In this disturbing but inspirational account of her experiences of the Holocaust, Lucille Eichengreen relates her journey as a young Jewish girl through Nazi Germany and Poland - including internment in the camps at Auschwitz, Neuengamme, and Bergen-Belsen. It was a journey that began in 1933, when she was eight years old and witnessed the beginnings of Jewish persecution, a journey along which she suffered the horrible deaths of her father, mother and sister. Sustained by great courage and resourcefulness, ...
In this disturbing but inspirational account of her experiences of the Holocaust, Lucille Eichengreen relates her journey as a young Jewish girl through Nazi Germany and Poland - including internment in the camps at Auschwitz, Neuengamme, and Bergen-Belsen. It was a journey that began in 1933, when she was eight years old and witnessed the beginnings of Jewish persecution, a journey along which she suffered the horrible deaths of her father, mother and sister. Sustained by great courage and resourcefulness, Lucille Eichengreen emerged from her nightmare with the inner strength to build a new life for herself in the United States. Only in 1991 did she return to Germany and Poland to assess the Jewish situation there. Her story is a testament to the very thing the Holocaust sought to destroy: the regeneration of Jewish life. Blessed with a remarkable memory that made her one of the most effective witnesses in the postwar trial of her persecutors, Eichengreen has composed a memoir of exceptional accuracy. As important as its factual accuracy is its emotional clarity and truth. Simple and direct, Eichengreen's words compel with their moral authority.
Sometimes a book profits from its own apparent artlessness. Eichengreen's simple, almost childlike style is a perfect vehicle for retelling the horrors of the Holocaust, allowing the full force of the events to come through without a filtering literary sensibility. In Hamburg in 1933, Eichengreen (born Cecilia Landau) is an eight-year-old girl, living a comfortable existence with her parents and younger sister. But the rumblings of Nazism are already audible. In 1938 her father is transported to Dachau, where he dies. The rest of the family is sent to the Lodz ghetto, where the mother dies of malnutrition. Eichengreen and her sister are separated as they are sent to the death camps. The author survives through a combination of luck and intelligence, her language skills getting her marginally less arduous assignments from the Nazis. When the camps are liberated, she goes to work for the British and testifies against her tormentors at a war crimes tribunal. Eventually she finds her way to New York City, where she meets and marries Dan Eichengreen, and makes the difficult adjustment to normal life. The book concludes with the Eichengreens' 1991 visit to Hamburg and Poland. Photos. (Jan.)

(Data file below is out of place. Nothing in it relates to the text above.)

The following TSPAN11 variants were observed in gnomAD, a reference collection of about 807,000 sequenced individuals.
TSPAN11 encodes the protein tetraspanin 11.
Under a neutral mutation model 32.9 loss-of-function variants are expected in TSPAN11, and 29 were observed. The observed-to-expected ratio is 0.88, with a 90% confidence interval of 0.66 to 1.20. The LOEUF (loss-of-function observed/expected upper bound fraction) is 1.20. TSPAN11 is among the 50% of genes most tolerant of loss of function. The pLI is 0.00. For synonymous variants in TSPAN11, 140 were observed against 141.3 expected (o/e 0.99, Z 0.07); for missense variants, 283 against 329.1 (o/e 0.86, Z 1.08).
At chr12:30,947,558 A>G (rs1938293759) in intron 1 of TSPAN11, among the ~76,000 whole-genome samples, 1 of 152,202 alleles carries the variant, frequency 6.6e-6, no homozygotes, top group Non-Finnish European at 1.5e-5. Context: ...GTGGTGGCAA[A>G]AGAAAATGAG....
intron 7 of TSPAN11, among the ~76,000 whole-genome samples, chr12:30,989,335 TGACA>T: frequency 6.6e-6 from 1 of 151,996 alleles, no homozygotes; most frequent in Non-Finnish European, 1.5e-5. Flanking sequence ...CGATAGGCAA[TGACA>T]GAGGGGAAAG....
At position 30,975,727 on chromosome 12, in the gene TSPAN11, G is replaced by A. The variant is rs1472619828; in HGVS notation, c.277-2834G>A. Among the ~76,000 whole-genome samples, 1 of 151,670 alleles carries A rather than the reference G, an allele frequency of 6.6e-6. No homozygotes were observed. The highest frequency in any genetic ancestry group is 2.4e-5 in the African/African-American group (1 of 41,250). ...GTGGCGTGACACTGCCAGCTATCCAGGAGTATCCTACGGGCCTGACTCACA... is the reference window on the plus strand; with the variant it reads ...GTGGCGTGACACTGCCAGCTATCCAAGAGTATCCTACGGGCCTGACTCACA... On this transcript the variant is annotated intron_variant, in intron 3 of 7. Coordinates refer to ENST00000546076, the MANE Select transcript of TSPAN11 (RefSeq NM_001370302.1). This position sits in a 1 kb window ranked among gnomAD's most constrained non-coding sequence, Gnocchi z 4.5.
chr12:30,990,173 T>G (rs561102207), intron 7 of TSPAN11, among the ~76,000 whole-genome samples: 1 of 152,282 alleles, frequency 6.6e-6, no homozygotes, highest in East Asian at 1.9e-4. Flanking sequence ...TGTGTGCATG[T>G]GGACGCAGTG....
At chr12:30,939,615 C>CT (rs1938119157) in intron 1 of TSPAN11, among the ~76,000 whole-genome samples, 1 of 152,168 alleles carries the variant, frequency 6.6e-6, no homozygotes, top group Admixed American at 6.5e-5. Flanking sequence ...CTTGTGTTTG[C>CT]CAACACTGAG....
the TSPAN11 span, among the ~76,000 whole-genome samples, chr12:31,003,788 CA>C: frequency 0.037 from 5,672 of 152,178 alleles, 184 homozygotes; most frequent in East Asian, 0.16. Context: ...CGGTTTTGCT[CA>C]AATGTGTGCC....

School Library Journal
YA-Celia's straightforward account begins with name calling by other children in Hamburg, Germany in 1933; continues through her father's deportation and death in Dachau when she was 16 years old; her mother's starvation; and her experiences in Auschwitz, Neuengamme, and Bergen-Belsen. She shares what happened after she left the camps, her role in the war trials, adjustment to postwar life, her return to Hamburg and Poland in 1991, and her analysis of the current status of European Jewry. YAs will particularly empathize with the author's teen years, which included the loss of family, a close female friendship, a disappointing romance, and the degradations and hardship of internment. Readers are offered insight into Eichengreen's sense of survival guilt, her nightmares, and her continued attempts to make sense of what occurred. An accessible, clear picture of the Holocaust.-Barbara Hawkins, Oakton High School, Fairfax, VA